MAN AND HIS PAST: THE NATURE AND ROLE OF HISTORIOGRAPHY
Volume 11 Number 5.
In this slight but well written essay, Serge Gagnon, a professor of history at the Université du Québec a Trois-Rivières, provides a defence of the relativist interpretation of the history of historical writing. Against what he calls "objectivist historians," Gagnon insists that historical knowledge is not cumulative, much less definitive, but a mere product of the historian's age, nation, class, or other social grouping. He reviews the history of this debate during the twentieth century and introduces the reader to the ideas of the major proponents of the relativist thesis, Benedetto Croce, R.G. Collingwood, E.H. Carr, Charles Beard, and Lucien Febvre.
Drawing upon the critiques of traditional historiography by psychologists, analytical philosophers, and Marxist scholars, Gagnon points out the subjectivity of the documentary evidence upon which historians depend. Furthermore, historians themselves select, arrange, and emphasize their evidence in part on the basis of ideological considerations or the values of the time and place in which they live. Even if historians do manage to navigate the shoals of bias, observing all canons of objectivity, their work is read, analysed, and made use of in a society that is influenced by ideological factors. The author's answer is to transform historiography from a form of progressive narrative to a branch of the sociology of knowledge. In this way, the historiographer would not presume to judge historical writing on an absolute scale but will rather attempt to explain its relationship to the time and place of its origin.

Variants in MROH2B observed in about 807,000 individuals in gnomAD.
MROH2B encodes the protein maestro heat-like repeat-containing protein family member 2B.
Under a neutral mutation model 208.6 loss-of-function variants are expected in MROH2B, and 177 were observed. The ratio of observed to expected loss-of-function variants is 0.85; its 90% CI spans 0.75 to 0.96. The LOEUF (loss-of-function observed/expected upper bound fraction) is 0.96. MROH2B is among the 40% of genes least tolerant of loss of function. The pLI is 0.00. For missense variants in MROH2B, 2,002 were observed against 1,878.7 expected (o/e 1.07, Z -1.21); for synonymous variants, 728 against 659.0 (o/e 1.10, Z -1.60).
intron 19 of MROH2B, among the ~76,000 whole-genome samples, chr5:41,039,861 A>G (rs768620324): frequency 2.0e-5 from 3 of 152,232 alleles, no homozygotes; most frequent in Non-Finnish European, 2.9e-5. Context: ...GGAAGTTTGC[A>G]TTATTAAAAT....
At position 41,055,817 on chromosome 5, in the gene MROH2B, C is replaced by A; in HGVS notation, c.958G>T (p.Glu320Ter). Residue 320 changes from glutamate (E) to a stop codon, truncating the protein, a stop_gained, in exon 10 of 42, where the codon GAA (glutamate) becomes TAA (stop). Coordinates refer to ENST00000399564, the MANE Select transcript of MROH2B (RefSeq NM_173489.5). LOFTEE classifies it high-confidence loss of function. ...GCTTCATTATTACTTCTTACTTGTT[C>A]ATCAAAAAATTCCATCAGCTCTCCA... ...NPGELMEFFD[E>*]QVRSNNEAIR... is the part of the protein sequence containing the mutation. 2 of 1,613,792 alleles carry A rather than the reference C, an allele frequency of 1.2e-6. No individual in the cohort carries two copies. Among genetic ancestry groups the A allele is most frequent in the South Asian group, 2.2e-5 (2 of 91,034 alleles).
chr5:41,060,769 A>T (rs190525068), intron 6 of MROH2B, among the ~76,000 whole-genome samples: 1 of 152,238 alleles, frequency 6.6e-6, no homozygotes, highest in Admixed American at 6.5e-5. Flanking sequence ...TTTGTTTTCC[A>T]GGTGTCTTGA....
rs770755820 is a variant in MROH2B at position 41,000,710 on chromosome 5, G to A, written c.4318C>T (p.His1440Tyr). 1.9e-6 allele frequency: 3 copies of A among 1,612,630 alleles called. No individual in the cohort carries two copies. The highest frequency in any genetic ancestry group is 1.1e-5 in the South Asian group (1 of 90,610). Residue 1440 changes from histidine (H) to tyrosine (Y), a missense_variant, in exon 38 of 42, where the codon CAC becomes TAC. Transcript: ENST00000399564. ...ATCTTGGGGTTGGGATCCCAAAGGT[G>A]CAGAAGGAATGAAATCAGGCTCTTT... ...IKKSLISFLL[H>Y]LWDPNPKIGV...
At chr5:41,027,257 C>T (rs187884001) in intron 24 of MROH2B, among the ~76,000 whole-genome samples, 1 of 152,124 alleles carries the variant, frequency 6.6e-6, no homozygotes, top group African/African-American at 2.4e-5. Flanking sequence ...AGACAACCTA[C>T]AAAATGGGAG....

The book will not convince anyone not already committed to its thesis. Not only are most of the arguments familiar ones, but the author does not seem to have even considered the excellent corrective to much relativist thinking delivered by J.H. Hexter in The History Primer (1971) and Reappraisals in History (1961). The major value of Man and his Past lies in Gagnon's interesting references to changing trends in the historiography of Quebec, and it could serve as a challenging and readable source work for undergraduate courses in historiography.
Robert Nicholas Bérard, Dept. of Education, Dalhousie University, Halifax NS.
1971-1979 | 1980-1985 | 1986-1990 | 1991-1995
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